Copious use of masks, hand sanitizers, tissues, disposable mask holders and getting restaurant takeaways–these are all trends during Covid times in Hong Kong. Is there still room left to live sustainably in Hong Kong? Where there’s a will, there’s a way—who said we must have a law to dictate to us on how to respect Mother Earth? Here’s the lowdown on how to live green during Covid times:


1. Make or Buy a Cloth Mask. Cloth masks can be used if you don’t have underlying health issues and are under 60 years old, according to the World Health Organization . Try making your own with fabric (available from the fabric stalls floor in Western Market) or buy from the Li Yuen Street market stalls in Central or market stalls in Wanchai). Cool, Hong Kong-themed cloth masks with space for a mask filter are also available at GOD. Added bonus—you can change to another clean cloth mask during the day to prevent maskne and not feel like wasting money. If you do need to use disposable masks, ensure that you remove the elastic bands on both sides before disposing of it. This ensures that the elastic attached to the mask doesn't choke any aquatic animal when they do ultimately end up in the oceans.



In Pic: Homemade cloth masks


2. Create Less Waste. This is the most basic mantra of green living. Live as minimalist as you can, donate or sell the excess. Create less waste and you won’t need to think of a way to donate, sell, hack or recycle it. Check out our previous blog posts on creating less waste and donating and buying preloved clothes and shopping at zero waste stores. Also, some Facebook groups promote the sale of preloved clothes, accessories as well furniture and electrical appliances. Many people sell their clothes and accessories after donning them just a couple of times, thanks to changing fashion fads (which is an issue in itself) at a fraction of its cost. Similarly, folks who relocate, change homes and/or countries and are unable to reuse their existing furniture in their new homes also can opt to rehome their stuff to someone who would appreciate it. Some schools also take back used textbooks as well as freecycle uniforms at the end of the school year.


3. Live Slow Sometimes. When are you truly pressed for time? Try living slow for a change. Wash your hands thoroughly instead of using hand sanitizers. Your skin will thank you in the long run. Walk, cycle, skate or scoot more instead of taking public transport. Your health will thank you. Plan weekends outdoors with friends or family and take your trash away from nature trails.

In Pic: Chilling at Ani-Com Park, Wanchai harbourfront


4. BYOB. This stands for bring your own bag/ box. Keep a lightweight foldable tote bag handy. Keep a few cloth vegetable bags in your bag for veggies. Use cotton or muslin bags that can keep veggies fresh for longer by wetting the bags and going into the fridge veggie drawer. Bring your own takeaway box when buying takeaway—bonus is that the food keeps warm for longer and you feel safe that plastic from takeaway boxes doesn’t leach in your food. Check out a list of restaurants in our ‘Hood which accepts Bring Your Own Takeaway Box in google maps.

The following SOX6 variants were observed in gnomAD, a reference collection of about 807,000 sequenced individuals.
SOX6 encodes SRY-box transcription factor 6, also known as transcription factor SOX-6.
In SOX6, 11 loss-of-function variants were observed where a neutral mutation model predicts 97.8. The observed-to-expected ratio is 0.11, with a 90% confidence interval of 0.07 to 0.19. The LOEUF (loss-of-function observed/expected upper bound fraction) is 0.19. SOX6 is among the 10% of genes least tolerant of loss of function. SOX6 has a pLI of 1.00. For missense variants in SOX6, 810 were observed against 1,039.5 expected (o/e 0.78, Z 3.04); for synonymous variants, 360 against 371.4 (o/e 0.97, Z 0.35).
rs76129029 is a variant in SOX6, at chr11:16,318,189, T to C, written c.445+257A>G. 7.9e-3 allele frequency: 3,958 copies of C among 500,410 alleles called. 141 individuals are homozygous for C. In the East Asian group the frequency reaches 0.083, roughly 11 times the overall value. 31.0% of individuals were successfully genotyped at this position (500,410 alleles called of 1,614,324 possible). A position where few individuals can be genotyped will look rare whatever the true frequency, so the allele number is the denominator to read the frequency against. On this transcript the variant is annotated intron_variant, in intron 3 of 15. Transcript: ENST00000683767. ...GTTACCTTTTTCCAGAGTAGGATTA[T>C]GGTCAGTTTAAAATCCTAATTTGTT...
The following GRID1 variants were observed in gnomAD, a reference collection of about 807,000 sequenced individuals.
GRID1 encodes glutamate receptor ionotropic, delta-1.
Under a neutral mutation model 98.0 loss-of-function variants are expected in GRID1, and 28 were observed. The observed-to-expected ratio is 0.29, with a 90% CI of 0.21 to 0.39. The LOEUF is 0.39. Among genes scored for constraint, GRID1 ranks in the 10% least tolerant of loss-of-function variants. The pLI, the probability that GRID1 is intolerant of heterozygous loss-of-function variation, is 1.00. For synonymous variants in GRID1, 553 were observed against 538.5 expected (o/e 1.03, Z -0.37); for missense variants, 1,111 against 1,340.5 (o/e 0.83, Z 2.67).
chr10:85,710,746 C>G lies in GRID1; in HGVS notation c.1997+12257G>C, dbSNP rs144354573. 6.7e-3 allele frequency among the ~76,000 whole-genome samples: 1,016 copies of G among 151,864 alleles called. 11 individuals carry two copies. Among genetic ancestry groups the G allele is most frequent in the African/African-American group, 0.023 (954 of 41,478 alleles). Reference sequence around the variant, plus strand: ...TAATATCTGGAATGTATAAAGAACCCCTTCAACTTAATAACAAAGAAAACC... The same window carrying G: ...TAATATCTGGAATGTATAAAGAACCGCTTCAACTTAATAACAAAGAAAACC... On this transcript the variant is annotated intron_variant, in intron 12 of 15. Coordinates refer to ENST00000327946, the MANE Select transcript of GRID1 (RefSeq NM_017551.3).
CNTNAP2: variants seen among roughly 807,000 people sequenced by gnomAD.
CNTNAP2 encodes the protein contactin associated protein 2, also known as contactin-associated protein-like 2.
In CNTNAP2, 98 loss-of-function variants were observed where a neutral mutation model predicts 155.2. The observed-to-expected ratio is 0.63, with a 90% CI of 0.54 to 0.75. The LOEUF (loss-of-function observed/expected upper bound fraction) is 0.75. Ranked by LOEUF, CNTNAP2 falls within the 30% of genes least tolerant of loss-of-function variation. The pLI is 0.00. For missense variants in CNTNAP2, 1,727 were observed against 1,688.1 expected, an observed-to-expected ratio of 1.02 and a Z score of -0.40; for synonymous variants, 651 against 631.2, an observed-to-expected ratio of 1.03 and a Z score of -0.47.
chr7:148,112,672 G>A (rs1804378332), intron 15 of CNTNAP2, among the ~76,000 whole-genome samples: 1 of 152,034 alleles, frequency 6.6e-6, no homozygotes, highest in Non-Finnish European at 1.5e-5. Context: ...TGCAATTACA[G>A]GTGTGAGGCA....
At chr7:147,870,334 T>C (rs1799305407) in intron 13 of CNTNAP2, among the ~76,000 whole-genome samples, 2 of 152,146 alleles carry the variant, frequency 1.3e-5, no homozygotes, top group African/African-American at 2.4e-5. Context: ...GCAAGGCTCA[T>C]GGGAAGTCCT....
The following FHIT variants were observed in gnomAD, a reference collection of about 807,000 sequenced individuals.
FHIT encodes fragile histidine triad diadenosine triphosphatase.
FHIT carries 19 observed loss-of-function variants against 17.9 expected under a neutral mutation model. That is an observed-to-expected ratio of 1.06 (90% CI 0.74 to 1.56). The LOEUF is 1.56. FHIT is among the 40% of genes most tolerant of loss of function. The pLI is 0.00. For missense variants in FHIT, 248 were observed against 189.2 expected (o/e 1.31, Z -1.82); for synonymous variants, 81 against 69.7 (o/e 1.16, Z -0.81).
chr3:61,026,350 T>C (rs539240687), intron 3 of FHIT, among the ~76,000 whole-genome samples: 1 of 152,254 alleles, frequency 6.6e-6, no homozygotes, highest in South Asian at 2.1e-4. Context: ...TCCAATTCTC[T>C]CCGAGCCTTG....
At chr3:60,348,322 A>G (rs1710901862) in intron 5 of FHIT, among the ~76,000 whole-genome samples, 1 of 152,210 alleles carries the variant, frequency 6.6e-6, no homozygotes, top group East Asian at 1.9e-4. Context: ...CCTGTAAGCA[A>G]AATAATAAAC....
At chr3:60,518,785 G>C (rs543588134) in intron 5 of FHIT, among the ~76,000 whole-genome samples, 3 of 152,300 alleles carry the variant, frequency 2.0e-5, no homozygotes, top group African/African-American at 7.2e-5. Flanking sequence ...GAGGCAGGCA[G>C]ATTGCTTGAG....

Takeaway with BYOB list on google maps-write or comment to Localhood to be added to the list!


In Pic: At Po Lam wet market


5. Go in for greener hygiene alternatives. Shampoo bars are kind to your scalp and produce far less effluents that would in turn reduce the pollutants in our waters. Also, feminine hygiene products like the menstrual cup and reusable cloth pads reduce the dumping of sanitary waste in our landfills. Ditto the use of reusable cloth diapers vis à vis disposable diapers. Buy bulk hygiene products using your own containers. If you must buy the convenient packaged products, then check how to recycle.



In Pic: Sanitary Napkins (Source: VectorStock)


6. Use Reusable Bottles. Paper cups and straws all add up to the landfill. Reusable bottles come in all sizes and weight. Due to Covid, all public water fountains are closed but you can refill your water bottle at a restaurant where you are eating or refill at the paid and hygenic water stations. There is also a water dispenser at some MTR stations (e.g. Admiralty Station). Most food delivery apps and some restaurants do not provide disposable utensils unless you opt in.


7. Unplug Electronics at Night. Did you know most electronic devices keep on drawing energy even when turned off? Unplug at night to save energy and your electricity bill, especially that laptop which is already fully charged on the docking station.


In Pic: Charge your phone while biking at Hysan sky garden, Causeway Bay


8. Compost. Stuck at home because of the coronavirus, it might feel like you're cooking more than you've ever cooked in your entire life. Maybe, as much as you're meal planning and reducing your food waste, there are certain things you're just not going to eat like fruit peels. The good news? There's a solution for your home food waste that doesn't involve landfills: Composting! It’s one of the most effective ways to minimize the amount of garbage your family sends to the landfill. Around 30% of what we throw away are food scraps and yard waste. Not only does this reduce methane gas, which is a major factor in global warming, but composting also controls trash can odor. And the biggest payoff? You'll be left with a rich fertilizer you can use in your own garden or donate to your favorite cause.


These tips for green living during Covid are all tried and true by our volunteers—mothers, working parents and living in the same neighbourhood as you! If we can do it, so can you!

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